First we started with prepping the dumplings.

If you want to make these dumplings that are really really good, here is what you need:
700g Minced pork
1 tsp cornflour
½  tsp oyster sauce
Pepper to season
Chinese spring onion
1 tsp Sesame oil
1 tbsp Soya sauce
1 tbsp Fish sauce
Won tong pastries

My willing participant         (Source: Janine Emmott 2012
Mixing the ingredients (Source: Janine Emmott 2012

I started by adding the mince to a large bowl next chopped the spring onion, onion and coriander finely after that added all the wet mixtures and the pepper. Then it’s a case of getting your hands dirty, that or you find a willing volunteer to mix it all together. At this point I thought that this was easy, then we started to wrap the wonton, in doing this you need to make sure it’s going to stick together you can use any method to, to help do this a trick is to wet your fingers to help push down the edges. Then you can either shallow fry them in oil, boil them in an soup of ginger, garlic, chicken stock and whatever you feel like adding, you could also steam them using the same soup mixture or you can spray them with oil and bake them till golden brown. Serve them with sweet chilli or anything thing you think will go well with them.
We also made a steam vegetable stir-fry using a wok and some rice wine, oyster sauce and fish sauce. To do this get pan really hot, add liquids get hot again then add veggies and find a lid to cover.
Tip is to keep all veggies same size to cook evenly.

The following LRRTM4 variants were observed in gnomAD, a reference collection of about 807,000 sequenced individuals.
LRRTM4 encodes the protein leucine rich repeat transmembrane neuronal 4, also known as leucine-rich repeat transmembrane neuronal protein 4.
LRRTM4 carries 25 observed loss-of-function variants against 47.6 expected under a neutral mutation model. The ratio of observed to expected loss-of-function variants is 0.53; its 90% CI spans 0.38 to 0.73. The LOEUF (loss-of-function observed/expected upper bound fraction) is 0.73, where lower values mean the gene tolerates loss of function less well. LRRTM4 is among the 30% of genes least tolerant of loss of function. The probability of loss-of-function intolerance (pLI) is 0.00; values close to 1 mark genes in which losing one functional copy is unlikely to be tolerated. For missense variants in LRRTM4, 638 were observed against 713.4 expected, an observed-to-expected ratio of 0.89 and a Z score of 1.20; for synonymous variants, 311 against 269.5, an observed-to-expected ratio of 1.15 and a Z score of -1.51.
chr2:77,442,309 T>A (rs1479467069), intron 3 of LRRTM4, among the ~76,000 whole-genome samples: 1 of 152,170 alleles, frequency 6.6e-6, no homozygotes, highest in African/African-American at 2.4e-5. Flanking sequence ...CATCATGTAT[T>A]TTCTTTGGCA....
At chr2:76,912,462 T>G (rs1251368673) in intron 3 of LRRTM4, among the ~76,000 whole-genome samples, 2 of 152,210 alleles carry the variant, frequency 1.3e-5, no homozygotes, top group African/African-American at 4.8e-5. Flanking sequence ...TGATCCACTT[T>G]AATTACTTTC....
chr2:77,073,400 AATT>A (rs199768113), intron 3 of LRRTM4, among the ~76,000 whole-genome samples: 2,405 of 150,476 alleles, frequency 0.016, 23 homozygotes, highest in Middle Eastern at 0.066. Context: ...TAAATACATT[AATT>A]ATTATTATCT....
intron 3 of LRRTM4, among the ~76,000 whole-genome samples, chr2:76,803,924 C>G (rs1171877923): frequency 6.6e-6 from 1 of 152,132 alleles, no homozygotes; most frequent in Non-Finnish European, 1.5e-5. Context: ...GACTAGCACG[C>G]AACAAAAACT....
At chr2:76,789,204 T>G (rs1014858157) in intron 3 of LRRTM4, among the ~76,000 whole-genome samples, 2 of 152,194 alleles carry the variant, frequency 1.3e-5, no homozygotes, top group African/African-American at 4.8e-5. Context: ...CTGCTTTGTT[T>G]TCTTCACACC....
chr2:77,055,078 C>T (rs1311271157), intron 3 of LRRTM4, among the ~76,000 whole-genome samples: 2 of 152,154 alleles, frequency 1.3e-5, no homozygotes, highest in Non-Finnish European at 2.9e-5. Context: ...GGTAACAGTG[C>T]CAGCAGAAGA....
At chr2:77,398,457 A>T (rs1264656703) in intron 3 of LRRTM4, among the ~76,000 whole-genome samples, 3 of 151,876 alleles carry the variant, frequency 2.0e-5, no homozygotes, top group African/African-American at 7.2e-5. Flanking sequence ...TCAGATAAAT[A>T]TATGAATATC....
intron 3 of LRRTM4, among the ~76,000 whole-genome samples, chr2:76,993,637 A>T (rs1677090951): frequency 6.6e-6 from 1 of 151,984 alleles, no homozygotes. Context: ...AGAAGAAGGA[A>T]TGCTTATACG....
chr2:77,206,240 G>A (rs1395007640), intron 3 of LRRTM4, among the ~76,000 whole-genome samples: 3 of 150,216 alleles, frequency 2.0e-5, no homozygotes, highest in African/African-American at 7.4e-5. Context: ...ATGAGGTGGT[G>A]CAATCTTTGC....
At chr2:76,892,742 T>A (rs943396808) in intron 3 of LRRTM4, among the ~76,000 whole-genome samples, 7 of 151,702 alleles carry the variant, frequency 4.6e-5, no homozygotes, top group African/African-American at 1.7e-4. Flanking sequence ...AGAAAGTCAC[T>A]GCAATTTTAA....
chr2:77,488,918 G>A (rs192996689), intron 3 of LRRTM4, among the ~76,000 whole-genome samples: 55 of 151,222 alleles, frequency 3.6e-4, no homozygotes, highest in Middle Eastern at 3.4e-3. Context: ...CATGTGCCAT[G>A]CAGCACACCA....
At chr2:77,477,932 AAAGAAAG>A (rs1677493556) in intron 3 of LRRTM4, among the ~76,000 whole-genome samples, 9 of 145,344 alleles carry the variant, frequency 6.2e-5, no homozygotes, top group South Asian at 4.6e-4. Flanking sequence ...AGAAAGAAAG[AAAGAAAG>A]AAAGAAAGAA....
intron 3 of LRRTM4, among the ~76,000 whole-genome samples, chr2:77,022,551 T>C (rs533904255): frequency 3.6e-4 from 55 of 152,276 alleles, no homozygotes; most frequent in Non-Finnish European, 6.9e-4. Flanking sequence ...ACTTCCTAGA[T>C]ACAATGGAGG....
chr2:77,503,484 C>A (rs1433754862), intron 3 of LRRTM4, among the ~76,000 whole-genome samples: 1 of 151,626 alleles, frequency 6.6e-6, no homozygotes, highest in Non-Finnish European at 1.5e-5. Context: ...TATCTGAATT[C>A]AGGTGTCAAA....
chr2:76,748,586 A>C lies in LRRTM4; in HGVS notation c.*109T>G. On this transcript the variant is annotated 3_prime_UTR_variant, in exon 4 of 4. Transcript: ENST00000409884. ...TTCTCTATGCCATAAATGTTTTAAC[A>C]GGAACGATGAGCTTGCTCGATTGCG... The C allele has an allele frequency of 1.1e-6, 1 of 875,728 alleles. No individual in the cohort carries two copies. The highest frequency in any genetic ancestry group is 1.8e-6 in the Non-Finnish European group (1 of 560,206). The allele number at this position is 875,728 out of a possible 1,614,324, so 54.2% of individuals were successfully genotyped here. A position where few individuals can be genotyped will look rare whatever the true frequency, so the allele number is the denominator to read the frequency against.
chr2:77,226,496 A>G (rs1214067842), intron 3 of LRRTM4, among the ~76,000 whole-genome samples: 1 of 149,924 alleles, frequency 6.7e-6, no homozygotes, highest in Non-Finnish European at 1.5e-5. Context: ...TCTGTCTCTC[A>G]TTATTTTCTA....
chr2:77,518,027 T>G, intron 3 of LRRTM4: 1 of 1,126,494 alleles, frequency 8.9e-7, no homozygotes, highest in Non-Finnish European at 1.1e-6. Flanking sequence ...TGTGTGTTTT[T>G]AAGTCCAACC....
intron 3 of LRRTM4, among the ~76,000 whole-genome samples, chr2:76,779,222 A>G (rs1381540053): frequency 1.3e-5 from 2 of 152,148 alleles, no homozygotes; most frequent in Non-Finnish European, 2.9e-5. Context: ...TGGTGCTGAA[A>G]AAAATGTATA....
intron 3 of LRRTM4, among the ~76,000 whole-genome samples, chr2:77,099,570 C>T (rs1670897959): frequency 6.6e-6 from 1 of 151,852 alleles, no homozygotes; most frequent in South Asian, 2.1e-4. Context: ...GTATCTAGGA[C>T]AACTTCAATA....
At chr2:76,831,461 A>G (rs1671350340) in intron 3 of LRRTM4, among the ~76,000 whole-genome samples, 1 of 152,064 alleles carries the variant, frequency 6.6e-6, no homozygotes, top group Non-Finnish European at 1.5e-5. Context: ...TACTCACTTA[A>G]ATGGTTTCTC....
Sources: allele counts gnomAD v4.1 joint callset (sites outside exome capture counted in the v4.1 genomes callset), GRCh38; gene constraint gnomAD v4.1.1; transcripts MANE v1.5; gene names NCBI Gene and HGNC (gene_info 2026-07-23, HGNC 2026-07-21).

The fried rice is pretty easy, cook rice the day before and put it in an ice cream container, refrigerate.  Next day add soy sauce, fish sauce and oyster sauce to ice cream container with rice then add that to hot wok, keep rice moving till heated through, once done add some spring onion and serve.
Our finished product after we got hungry and ate most of it  (Source: Janine Emmott 2012

Sunday, 9 September 2012

Participation in Occupation 2

Malaysian Cooking

As part of this semester we have been required to participate in a new occupation. This will bring insight on how easy/difficult it is to pick up new skills and the many different components of those skills. Because of my great love of food and flavours I have decided on Malaysian style cooking. Malay food has been greatly influenced by the long-ago traders from neighboring countries, such as Indonesia, India, the Middle East, and China. Malay food is often described as spicy and flavorful as it utilizes a melting pot of spices and herbs (, n.d).
We are required to Journal and document our progress, so I have decided to use my skills that I have learnt in previous semesters and fire up the blog site again, so in the next couple of weeks there will be additions based around my cooking adventures, and I say adventures as when I’m in the kitchen anything can happen and I do mean anything. So for my progress, recipes and a comedy of errors keep an eye on this blog site.
MariMari. Com. (n.d). Malay food.  Retrieved from

Monday, 7 May 2012

Assistive technology